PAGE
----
You can't blame the absence of Horford for this either. Despite the fact that he's averaging a career low 6.4 rebounds per game, that most-used five man unit we mentioned earlier? They're the Celtics' second-best rebounding lineup this season, and their 47.7% is identical the Celtics' atrocious overall mark.

That ranks them 36th out of 41 five-man units that have played at least 100 minutes together so far this season. It's not just one thing either. The team is equally bad on the offensive (24th) and defensive (26th) sides of the floor.

Horford's Presence

It seems as if Boston fans thought the addition of Al Horford on its own would push this team to the next level. He was billed as an all-around power forward/center combination who could stretch the floor and play lights-out defense.

Even though he's been a fantastic team defender as usual and is averaging career highs in both assists (5.4) and blocks (2.3), adding Horford didn't address any of the things that Boston was actually bad at last season.

They needed rebounding -- Horford, despite his elite big man status, hasn't been a particularly good rebounder since 2010-11. His one excellent year since then (10.2 per game in 2012-13) was coupled with a massive rise in minutes played and perhaps fooled some casual fans.

Horford is very good, but adding him was like spending all your money painting a car that doesn't have wheels -- it looks nice, but at some point, you're gonna need the damn wheels!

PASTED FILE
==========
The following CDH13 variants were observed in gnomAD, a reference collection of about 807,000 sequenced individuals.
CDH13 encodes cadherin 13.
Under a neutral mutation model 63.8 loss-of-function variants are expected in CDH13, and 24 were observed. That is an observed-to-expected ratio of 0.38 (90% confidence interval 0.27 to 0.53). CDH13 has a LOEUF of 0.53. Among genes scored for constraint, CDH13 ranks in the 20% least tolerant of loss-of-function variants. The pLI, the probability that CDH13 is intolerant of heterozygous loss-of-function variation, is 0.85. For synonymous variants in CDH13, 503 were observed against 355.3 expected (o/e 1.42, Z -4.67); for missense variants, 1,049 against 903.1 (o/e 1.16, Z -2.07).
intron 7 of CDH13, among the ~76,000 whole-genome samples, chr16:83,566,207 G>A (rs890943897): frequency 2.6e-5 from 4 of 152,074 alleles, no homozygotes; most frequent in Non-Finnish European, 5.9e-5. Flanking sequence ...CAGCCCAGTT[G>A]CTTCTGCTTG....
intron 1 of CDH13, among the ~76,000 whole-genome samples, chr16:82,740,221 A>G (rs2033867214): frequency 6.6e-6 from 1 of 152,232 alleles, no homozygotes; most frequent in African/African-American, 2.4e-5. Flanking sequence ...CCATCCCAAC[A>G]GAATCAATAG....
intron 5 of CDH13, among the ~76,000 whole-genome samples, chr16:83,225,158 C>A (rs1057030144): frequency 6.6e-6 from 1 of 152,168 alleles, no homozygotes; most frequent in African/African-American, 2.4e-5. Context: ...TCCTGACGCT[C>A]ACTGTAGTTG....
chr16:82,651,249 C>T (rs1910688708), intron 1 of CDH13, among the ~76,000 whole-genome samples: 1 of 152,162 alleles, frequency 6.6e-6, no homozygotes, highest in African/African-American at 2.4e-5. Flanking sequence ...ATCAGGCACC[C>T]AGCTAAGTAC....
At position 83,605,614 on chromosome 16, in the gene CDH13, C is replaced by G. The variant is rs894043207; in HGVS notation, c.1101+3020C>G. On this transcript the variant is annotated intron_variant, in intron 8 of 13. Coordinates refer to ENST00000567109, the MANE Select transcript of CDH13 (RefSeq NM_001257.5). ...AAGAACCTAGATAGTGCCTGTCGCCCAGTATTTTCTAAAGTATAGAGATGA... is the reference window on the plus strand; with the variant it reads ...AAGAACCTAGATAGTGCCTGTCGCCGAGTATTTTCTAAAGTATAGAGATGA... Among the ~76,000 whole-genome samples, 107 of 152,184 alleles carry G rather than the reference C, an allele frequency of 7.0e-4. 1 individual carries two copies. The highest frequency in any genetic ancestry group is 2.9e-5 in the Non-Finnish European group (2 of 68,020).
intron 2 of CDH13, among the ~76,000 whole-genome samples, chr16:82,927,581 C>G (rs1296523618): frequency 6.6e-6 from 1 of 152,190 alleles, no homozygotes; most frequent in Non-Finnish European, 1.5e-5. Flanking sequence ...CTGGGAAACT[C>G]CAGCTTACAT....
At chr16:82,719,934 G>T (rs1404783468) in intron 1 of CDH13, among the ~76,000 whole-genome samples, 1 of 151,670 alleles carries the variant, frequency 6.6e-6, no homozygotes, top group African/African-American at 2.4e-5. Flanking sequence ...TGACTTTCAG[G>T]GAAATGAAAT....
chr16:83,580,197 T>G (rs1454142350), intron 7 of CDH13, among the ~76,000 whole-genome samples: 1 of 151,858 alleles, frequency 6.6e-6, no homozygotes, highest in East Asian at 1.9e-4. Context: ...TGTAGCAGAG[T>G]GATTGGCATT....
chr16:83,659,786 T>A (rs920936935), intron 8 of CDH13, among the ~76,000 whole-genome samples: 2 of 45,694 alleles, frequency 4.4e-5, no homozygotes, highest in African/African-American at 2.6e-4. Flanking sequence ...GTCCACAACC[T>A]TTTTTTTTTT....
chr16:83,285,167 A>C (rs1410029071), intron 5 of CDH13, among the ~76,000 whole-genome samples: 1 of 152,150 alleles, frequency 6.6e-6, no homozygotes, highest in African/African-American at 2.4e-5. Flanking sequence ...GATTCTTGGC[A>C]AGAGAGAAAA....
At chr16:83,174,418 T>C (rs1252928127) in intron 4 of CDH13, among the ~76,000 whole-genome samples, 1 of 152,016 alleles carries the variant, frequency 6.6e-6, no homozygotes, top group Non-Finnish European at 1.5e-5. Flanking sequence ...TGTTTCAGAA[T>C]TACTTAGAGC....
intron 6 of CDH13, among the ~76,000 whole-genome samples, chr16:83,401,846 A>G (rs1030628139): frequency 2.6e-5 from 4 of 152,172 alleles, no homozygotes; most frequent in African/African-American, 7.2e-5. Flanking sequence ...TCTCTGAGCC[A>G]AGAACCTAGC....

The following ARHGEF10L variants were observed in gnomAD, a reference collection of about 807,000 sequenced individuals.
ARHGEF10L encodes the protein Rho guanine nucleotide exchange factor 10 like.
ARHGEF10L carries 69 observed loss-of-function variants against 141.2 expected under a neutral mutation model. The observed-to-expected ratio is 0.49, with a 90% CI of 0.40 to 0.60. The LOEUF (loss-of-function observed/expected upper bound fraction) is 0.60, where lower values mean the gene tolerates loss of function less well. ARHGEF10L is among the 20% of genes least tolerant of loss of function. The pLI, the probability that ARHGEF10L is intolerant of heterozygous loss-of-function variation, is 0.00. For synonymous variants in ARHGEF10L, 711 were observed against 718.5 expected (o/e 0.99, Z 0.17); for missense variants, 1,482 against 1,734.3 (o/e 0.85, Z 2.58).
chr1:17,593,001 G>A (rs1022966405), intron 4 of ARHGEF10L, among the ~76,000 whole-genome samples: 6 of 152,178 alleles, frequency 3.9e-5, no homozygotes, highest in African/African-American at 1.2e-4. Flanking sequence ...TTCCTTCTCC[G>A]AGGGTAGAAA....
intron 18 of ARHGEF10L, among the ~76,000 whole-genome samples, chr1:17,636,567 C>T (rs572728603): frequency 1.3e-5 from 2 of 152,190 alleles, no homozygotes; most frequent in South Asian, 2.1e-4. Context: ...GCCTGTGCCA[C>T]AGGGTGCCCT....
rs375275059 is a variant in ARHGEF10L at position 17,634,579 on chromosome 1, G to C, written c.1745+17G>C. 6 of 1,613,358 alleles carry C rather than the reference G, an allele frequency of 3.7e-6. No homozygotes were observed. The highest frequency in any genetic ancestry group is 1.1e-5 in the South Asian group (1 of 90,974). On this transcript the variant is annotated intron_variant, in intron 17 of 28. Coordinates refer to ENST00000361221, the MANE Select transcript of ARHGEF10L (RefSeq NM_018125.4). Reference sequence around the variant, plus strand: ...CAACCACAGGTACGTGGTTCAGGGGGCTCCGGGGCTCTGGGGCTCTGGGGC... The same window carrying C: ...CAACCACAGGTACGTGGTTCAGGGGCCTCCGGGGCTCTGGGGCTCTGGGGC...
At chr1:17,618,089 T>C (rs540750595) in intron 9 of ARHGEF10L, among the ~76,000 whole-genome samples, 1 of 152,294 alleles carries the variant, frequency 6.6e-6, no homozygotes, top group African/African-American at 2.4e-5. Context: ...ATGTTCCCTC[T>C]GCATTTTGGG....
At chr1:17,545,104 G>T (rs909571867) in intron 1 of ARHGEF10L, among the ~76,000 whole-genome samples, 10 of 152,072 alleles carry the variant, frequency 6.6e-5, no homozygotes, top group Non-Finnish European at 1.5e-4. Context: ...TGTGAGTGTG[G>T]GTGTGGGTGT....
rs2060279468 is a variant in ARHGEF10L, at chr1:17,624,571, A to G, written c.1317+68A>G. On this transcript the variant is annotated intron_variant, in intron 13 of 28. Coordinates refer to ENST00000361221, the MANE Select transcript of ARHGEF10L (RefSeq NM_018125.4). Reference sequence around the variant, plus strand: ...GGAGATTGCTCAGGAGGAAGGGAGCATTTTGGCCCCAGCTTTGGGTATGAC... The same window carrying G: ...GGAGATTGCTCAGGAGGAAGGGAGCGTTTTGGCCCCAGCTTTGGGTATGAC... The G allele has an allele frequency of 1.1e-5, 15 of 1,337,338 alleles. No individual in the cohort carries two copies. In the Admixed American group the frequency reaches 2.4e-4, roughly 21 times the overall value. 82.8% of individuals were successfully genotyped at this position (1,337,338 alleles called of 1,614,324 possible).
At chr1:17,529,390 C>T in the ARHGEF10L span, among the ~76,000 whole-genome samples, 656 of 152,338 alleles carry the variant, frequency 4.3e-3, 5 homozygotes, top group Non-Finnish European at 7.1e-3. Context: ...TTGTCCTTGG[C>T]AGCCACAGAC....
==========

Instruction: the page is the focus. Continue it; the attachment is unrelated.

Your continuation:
The Celtics are moving the ball more, but they were already good at that. They still have trouble scoring at the end of games, and their lack of rebounding hurts them on both ends by making the game that much harder -- they rank 23rd in second-chance points given up (14.0) and 26th in second-chance points scored (11.9). When your point differential is only 2.2, that makes a huge difference.

Moving Forward

Boston will benefit from actually having their best five playing together as the season progresses, but they still need help on the glass if they're going to approach the expectations set out for them before the year began.

Our algorithm gives them a 93.7% chance to make the playoffs but currently views them as just the 11th-best team in the NBA.